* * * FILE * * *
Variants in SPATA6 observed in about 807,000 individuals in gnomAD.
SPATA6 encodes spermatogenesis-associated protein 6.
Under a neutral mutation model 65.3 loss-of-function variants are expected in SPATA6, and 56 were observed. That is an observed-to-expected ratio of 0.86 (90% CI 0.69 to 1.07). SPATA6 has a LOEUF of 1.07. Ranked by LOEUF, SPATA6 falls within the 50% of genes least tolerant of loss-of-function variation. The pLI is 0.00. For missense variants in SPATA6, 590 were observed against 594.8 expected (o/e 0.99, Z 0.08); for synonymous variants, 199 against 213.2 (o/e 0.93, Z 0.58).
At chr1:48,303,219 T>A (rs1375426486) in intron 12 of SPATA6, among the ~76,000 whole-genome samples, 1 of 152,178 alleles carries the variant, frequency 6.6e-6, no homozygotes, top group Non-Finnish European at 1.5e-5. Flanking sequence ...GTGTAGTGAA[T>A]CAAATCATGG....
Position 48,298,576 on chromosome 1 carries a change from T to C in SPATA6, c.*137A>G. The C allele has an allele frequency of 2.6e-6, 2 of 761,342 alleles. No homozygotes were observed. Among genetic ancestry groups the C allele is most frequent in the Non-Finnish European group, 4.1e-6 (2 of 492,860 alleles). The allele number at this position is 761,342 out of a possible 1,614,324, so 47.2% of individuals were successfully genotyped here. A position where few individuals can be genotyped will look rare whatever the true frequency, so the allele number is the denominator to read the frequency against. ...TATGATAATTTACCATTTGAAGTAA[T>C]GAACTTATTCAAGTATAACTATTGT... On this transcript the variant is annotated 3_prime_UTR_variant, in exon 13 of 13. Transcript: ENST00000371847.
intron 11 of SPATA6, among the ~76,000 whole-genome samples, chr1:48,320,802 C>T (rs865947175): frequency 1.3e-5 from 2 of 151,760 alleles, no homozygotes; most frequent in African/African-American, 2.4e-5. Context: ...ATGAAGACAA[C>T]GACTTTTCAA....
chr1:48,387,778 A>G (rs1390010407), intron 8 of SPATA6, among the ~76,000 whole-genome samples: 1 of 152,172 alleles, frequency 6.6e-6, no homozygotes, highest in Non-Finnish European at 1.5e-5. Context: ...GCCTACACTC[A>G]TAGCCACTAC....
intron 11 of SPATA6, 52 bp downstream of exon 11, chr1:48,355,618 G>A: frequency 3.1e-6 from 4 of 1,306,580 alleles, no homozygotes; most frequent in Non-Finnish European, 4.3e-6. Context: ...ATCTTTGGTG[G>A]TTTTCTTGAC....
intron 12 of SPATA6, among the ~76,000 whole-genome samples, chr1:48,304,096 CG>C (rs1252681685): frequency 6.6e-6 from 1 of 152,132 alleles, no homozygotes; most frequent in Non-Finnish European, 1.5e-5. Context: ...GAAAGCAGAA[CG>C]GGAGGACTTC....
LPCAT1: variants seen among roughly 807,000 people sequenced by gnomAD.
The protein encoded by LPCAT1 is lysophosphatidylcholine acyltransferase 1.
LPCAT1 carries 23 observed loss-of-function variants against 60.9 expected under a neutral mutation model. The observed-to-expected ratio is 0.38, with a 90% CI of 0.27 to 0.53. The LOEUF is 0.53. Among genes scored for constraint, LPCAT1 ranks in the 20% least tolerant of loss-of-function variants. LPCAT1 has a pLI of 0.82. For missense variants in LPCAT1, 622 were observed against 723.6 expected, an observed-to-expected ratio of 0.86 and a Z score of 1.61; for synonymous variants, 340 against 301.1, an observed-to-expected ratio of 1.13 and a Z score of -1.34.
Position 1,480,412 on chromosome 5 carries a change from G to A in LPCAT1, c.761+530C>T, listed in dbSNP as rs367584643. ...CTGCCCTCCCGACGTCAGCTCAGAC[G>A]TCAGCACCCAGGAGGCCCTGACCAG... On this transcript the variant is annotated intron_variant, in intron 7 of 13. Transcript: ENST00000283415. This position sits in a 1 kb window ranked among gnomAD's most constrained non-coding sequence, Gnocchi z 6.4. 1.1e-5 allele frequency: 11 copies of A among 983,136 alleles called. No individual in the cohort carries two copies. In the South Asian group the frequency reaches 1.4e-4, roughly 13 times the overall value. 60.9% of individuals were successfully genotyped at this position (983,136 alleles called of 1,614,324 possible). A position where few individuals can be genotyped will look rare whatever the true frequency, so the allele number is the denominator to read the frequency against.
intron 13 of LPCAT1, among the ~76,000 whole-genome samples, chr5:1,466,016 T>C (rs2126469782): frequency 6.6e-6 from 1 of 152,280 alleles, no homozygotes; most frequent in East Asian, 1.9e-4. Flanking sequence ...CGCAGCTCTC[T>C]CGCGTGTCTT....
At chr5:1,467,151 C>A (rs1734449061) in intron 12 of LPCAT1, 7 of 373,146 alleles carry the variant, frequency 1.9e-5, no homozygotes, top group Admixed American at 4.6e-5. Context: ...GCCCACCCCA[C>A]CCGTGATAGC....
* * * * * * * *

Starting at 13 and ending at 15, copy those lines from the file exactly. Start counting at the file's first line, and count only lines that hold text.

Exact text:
Position 1,480,412 on chromosome 5 carries a change from G to A in LPCAT1, c.761+530C>T, listed in dbSNP as rs367584643. ...CTGCCCTCCCGACGTCAGCTCAGAC[G>A]TCAGCACCCAGGAGGCCCTGACCAG... On this transcript the variant is annotated intron_variant, in intron 7 of 13. Transcript: ENST00000283415. This position sits in a 1 kb window ranked among gnomAD's most constrained non-coding sequence, Gnocchi z 6.4. 1.1e-5 allele frequency: 11 copies of A among 983,136 alleles called. No individual in the cohort carries two copies. In the South Asian group the frequency reaches 1.4e-4, roughly 13 times the overall value. 60.9% of individuals were successfully genotyped at this position (983,136 alleles called of 1,614,324 possible). A position where few individuals can be genotyped will look rare whatever the true frequency, so the allele number is the denominator to read the frequency against.
intron 13 of LPCAT1, among the ~76,000 whole-genome samples, chr5:1,466,016 T>C (rs2126469782): frequency 6.6e-6 from 1 of 152,280 alleles, no homozygotes; most frequent in East Asian, 1.9e-4. Flanking sequence ...CGCAGCTCTC[T>C]CGCGTGTCTT....
At chr5:1,467,151 C>A (rs1734449061) in intron 12 of LPCAT1, 7 of 373,146 alleles carry the variant, frequency 1.9e-5, no homozygotes, top group Admixed American at 4.6e-5. Context: ...GCCCACCCCA[C>A]CCGTGATAGC....